Employment Law Changes – NMW and more

NMW money

April is the traditional month for a bevy of employment law changes. This month we saw a rise in the NMW and more reporting and tax changes.  In this article we summarise some of the latest changes and have a quick look at how the Modern Slavery Act can impact SMEs.

National Minimum Wage (NMW)

As is customary, the National Minimum Wage  rose on 1 April 2017.  The new hourly pay rates are:

Apprentices  £3.50
Under 18  £4.05
18 – 20  £5.60
21 -24   £7.05
25+  £7.50.

It is illegal to pay below you staff below the relevant NMW.   It can also be potentially damaging to the reputation of your business since the  HMRC regularly publish a ‘Name and Shame’ list of employers who fail to pay their staff the minimum wage rate.

Some employers have been found to be effectively paying below NMW because of questionable (and in some cases, unlawful) business practices.  SportsDirect, for example, were found to be paying below NMW because of their practice of:

  • subjecting warehouse workers to searches at the end of their shift on unpaid time, and
  • deducting 15 minutes of pay if a worker clocked in 1 minute late.

Employers who pay their staff on or near the NMW should be especially careful in how they calculate wages and deductions so that they don’t unintentionally pay below NMW.  Here are few areas to be particularly aware of:

  • tips and gratuities – can’t be included in calculations to bring pay rate up to NMW
  • deductions for tools or work uniform – deductions cannot take pay rate below NMW for any given pay period
  • regular small amounts of unpaid work – you may be underpaying employees if they regularly do unpaid work e.g. waiting after shifts (e.g. SportsDirect), opening or closing a shop
  • birthdays – employees who move up a pay band must be paid the new NMW rate promptly.

Gender pay gap reporting

As from 5 April, all employers in the private sector who employ 250 or more staff are required to publish a set of statutory calculations that shows how big a pay gap exists between male and female staff.  If you are an employer with fewer than 250 staff then you can publish these figures if you choose.

There is no statutory penalty for failing to publish gender pay gap data.  Having said that, the results will be public so the negative publicity if you don’t comply is expected to be enough of an incentive.

The ACAS website has produced a number of guides and fact sheets on gender pay gap reporting.  Here is an overview of the key points:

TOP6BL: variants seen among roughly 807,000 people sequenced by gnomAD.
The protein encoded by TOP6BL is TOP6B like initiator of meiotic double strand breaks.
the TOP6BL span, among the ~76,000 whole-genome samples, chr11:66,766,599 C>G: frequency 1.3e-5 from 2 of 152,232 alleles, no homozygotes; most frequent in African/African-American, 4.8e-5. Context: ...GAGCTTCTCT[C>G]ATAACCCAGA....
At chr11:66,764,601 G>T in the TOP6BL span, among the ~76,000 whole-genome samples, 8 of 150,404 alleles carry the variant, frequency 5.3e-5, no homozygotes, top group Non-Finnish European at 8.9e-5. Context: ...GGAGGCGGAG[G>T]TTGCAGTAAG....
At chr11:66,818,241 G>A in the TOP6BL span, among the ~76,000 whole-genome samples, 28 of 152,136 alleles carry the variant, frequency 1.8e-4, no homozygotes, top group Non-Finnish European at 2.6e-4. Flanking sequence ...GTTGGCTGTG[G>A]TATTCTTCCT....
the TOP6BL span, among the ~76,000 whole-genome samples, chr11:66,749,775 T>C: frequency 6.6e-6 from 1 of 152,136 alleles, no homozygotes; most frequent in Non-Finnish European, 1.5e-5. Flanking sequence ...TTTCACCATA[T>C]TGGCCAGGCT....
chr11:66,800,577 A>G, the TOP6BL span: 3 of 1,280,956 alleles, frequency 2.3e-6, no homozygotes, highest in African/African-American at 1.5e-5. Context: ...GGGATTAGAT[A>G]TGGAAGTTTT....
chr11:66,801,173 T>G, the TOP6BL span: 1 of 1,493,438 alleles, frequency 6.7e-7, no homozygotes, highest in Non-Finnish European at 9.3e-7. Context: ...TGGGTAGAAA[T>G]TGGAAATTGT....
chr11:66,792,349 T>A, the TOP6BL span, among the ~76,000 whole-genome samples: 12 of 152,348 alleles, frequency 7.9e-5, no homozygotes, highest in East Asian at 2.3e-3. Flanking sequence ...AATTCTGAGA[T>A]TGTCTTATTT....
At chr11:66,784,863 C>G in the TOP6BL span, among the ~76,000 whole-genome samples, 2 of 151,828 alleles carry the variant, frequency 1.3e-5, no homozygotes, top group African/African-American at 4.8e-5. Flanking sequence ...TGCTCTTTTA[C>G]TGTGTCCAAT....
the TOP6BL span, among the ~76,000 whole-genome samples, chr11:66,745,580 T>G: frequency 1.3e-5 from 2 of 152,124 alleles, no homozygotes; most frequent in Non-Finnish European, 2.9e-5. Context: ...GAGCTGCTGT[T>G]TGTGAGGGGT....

• The statutory calculations are:
    • the differences between the mean and median hourly rates of pay for male and female staff
    • the differences between the mean and median bonuses paid to male and female staff
    • the proportion and male and female staff paid a bonus
    • the proportions of male and female staff in specified quartile pay bands.
  • The number of staff is taken as that on the 5 April of any one year.  The definition of who is an employee is that provided in the Equalities Act 2010 and could include workers and/or self-employed.
  • The statutory calculations must be published on your ( the employer’s) website as well as on the GOV.UK website within 12 months (i.e. by 4 April the following year).
  • You may provide a written narrative along with the figures.  The idea is that this narrative can be used to explain why any gap exists, what challenges it presents to your company, what follow-up actions are planned, and what improvements have already been made.

One employer has already published their gender pay gap figures.   You can see them here on the GOV.UK website.

Tax savings through salary sacrifice

As of 6 April 2017 the number of employee benefits that attract tax saving when being offered through a salary sacrifice scheme has been significantly reduced.  The types of benefits affected included:

  • some company cars
  • gym memberships
  • school fees
  • parking
  • health screening
  • purchase of computers, mobile phones and other IT devices
  • accommodation.

These benefits can still be offered through salary sacrifice schemes but they will be taxes the same as cash.  The changes come into effect immediately for anyone joining a scheme on or after 6 April.  Employees part of a scheme prior to 6 April will continue to receive tax relief until 6 April 2018 unless the arrangement is changed, ended, or renewed.  Tax relief on cars, accommodation and school fees will continue until 6 April 2021 for those in a scheme before the cutoff date.

These benefits will continue to attract tax savings:

  • employer pension contributions
  • low emission company cars
  • cycle to work schemes
  • childcare provided by the employer and workplace nurseries.

Modern Slavery Act

The Modern Slavery Act 2015 requires businesses with an annual turnover of £36m or above to publish an annual Slavery and Human Trafficking Statement.  The Statement should set out what steps (if any) have been taken to make sure that slavery or human trafficking does not occur in its business or supply chain.  The Act sets out the type of information that could be included – there is no statutory format.

Slavery and Human Trafficking Statements must be published in a prominent position on the business website.  A link to the company’s anti-slavery statement should also be included on the home page.

Smaller businesses, while not being required to publish Slavery and Human Trafficking Statement, may still be affected if they are part of a larger supply chain.  If your business has an annual turnover under £36m but you supply goods or services to a larger organisation, you may be required to accept anti-slavery and trafficking clauses in supply contracts.  This means that you, in turn, may need to examine your practices and those of any business you deal with.

If you need more information the Home Office guide is useful starting point.